The Batman Legacy: Ranking the Top Batman Films


Dheeksha Bhima Reddy

Batman has been played by many actors since the 1940s, some of the most famous being Ben Affleck, Christian Bale, George Clooney, Michael Keaton and Robert Pattinson.

Past each delicate puff of wispy cloud, one light pierces through the dead of night — a bat symbol, etched into the sky, illuminates the dark; the Batman is coming.

Audiences have seen the infamous vigilante Batman appear in animated films, live action movies, TV shows and even in Lego form. The following review will rank major Batman films by evaluating plot, character development and cinematography.

First Place: “The LEGO Batman Movie” by Chris McKay

This movie is a satirical jab at the overtly serious Batman films, and it exceeds expectations. With its unexpected yet hilarious nature of the original Lego Movie, coupled with the somewhat intimidating yet endearing protagonist, “Lego Batman” lives up to the lofty expectations with its own distinctive and hilarious flair. 

“Lego Batman” embraces the goofiness and fun that modern incarnations of Batman want to forget and cranks them up. It is a lucid dream of an adventure, so clearly self-aware and so different in message — it is impossible to dislike. 

It is not just an entertaining flick for children — it also serves as commentary satire of comics desperately trying to be gritty, serious and dark, much like modern teenagers.

Second Place: “The Dark Knight” Trilogy by Christopher Nolan

Composed of “Batman Begins,” “The Dark Knight” and “The Dark Knight Rises,” this trilogy takes the audience on a journey through the ups and downs of Batman; audiences are immersed in each scene as if they were in the movie though complex plot developments and dark and gothic film elements. Characters like The Joker and Rachel play important roles in story development, segueing into unexpected plot twists and fast-paced action sequences.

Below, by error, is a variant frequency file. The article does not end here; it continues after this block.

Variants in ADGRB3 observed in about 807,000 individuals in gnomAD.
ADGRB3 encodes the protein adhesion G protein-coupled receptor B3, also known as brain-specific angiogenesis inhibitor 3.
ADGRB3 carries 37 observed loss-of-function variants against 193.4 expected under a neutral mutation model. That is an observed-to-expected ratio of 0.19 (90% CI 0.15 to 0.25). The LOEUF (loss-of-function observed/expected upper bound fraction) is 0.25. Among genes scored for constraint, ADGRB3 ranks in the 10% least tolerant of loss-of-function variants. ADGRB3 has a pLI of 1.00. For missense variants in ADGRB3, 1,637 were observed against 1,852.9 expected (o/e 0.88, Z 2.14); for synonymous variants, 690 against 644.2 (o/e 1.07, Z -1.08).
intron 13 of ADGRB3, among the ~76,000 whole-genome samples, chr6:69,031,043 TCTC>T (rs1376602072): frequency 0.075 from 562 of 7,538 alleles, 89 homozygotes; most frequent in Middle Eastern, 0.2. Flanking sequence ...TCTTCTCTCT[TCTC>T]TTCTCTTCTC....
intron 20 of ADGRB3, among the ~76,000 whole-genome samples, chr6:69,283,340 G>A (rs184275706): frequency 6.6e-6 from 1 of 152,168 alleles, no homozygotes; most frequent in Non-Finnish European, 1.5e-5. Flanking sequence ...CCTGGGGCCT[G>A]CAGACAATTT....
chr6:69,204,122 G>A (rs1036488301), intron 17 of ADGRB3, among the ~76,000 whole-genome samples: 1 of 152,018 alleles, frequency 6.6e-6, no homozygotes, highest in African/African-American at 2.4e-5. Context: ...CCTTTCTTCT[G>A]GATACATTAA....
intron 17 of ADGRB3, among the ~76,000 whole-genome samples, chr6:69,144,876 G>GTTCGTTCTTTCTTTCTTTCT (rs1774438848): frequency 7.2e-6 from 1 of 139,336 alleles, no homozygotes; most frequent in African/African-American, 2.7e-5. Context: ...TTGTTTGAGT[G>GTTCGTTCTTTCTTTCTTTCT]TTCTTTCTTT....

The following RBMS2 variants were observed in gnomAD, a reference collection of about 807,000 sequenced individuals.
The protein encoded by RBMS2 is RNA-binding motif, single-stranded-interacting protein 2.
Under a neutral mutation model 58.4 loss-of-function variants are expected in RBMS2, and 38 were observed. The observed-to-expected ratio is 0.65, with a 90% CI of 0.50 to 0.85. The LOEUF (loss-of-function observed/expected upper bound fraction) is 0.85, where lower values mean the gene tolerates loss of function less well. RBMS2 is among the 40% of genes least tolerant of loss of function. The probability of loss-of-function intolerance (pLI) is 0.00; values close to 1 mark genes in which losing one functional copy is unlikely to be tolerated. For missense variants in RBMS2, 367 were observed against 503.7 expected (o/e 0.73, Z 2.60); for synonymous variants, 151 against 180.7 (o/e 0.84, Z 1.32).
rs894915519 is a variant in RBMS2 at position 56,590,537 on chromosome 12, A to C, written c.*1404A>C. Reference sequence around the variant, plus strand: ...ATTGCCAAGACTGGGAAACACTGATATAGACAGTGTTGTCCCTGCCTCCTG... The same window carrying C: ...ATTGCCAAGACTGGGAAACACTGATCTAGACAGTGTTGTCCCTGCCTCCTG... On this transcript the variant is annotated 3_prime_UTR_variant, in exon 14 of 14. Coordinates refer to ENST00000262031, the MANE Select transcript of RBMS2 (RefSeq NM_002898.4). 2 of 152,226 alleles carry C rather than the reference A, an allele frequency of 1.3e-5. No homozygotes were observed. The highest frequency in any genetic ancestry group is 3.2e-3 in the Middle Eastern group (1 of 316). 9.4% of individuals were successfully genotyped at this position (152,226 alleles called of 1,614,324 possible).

Throughout the eight-hour trilogy, audiences are met with fan-favorite villains who challenge Batman in ways they haven’t seen before. In particular, “The Dark Knight” presents a unique obstacle for Batman, in which he is forced to choose between his own desires and what is best for Gotham City. The Joker specifically portrays a flawless blend of psychosis yet also a kind of playfulness that evokes discomfort in the audience.

For superhero fans and casual viewers alike, Nolan’s interpretation of such an iconic hero does not disappoint. 

Third Place: “Batman: The Movie” (1966) by Leslie H. Martinson

Throughout this movie, not once does the audience lose track or feel overwhelmed, despite the break-neck speed among the myriad plot strands and narrative developments. It carries audiences along effortlessly — a testament to the skill of writer Lorenzo Semple Jr. 

The cinematographic elements he incorporated were so hysterical, yet it seems completely organic to the comics. Nothing in the plot is superfluous — everything is made to work and has its place. 

It is a film of a thousand ideas and action scenes: none of which are out of place nor rushed. With an extended run-time and inflated budget for the 1960s, “Batman: The Movie” wisely engrossed the audience with an expansion on everything the original comics stood for.

Fourth Place: “Batman” (1989) by Tim Burton

Burton’s interpretation of this iconic hero is a triumph — at least partially after years of developmental hell. With the focus primarily on creating a film that captured the true ideals of Batman — a creature of night who stalks criminals through the shadows of Gotham — it is safe to say that Burton accomplished this flawlessly. 

By employing the gothic elements and grotesque setting that make his filmmaking magical, Burton further improves the overall character arc of Batman from a comic tale to a flushed out masterpiece. To accompany his cinematic aesthetic and flair, the top-notch performances of the Joker (Jack Nicholson) and Batman (Michael Keaton) enhance the experience.

However, the narrative development of the story lacks any organic depth, and the majority of the story thrives on clichés, landing this story to the bottom of our list.